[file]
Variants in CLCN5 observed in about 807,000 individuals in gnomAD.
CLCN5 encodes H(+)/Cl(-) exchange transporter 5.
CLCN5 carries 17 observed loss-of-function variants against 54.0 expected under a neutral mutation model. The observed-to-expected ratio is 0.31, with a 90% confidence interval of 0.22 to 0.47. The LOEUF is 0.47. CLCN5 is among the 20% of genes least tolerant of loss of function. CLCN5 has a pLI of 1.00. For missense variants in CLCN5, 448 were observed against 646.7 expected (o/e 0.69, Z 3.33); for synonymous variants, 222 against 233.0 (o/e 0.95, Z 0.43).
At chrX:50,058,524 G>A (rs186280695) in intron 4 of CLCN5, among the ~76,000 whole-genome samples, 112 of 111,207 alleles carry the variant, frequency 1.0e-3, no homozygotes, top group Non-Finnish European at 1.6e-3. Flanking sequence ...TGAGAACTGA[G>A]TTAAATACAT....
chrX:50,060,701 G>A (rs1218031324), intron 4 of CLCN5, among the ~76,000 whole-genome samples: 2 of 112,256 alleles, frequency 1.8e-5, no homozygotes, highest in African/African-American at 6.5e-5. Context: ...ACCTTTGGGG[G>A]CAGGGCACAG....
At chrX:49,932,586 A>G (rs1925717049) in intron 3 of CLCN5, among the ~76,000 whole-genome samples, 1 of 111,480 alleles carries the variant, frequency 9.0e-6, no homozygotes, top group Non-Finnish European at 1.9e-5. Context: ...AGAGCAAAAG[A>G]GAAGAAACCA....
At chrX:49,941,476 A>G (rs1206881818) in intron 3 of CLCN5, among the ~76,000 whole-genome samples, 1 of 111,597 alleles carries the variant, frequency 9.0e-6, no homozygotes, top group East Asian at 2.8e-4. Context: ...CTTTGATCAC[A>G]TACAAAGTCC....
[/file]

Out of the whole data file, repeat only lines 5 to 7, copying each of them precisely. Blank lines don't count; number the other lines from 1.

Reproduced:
chrX:50,060,701 G>A (rs1218031324), intron 4 of CLCN5, among the ~76,000 whole-genome samples: 2 of 112,256 alleles, frequency 1.8e-5, no homozygotes, highest in African/African-American at 6.5e-5. Context: ...ACCTTTGGGG[G>A]CAGGGCACAG....
At chrX:49,932,586 A>G (rs1925717049) in intron 3 of CLCN5, among the ~76,000 whole-genome samples, 1 of 111,480 alleles carries the variant, frequency 9.0e-6, no homozygotes, top group Non-Finnish European at 1.9e-5. Context: ...AGAGCAAAAG[A>G]GAAGAAACCA....
At chrX:49,941,476 A>G (rs1206881818) in intron 3 of CLCN5, among the ~76,000 whole-genome samples, 1 of 111,597 alleles carries the variant, frequency 9.0e-6, no homozygotes, top group East Asian at 2.8e-4. Context: ...CTTTGATCAC[A>G]TACAAAGTCC....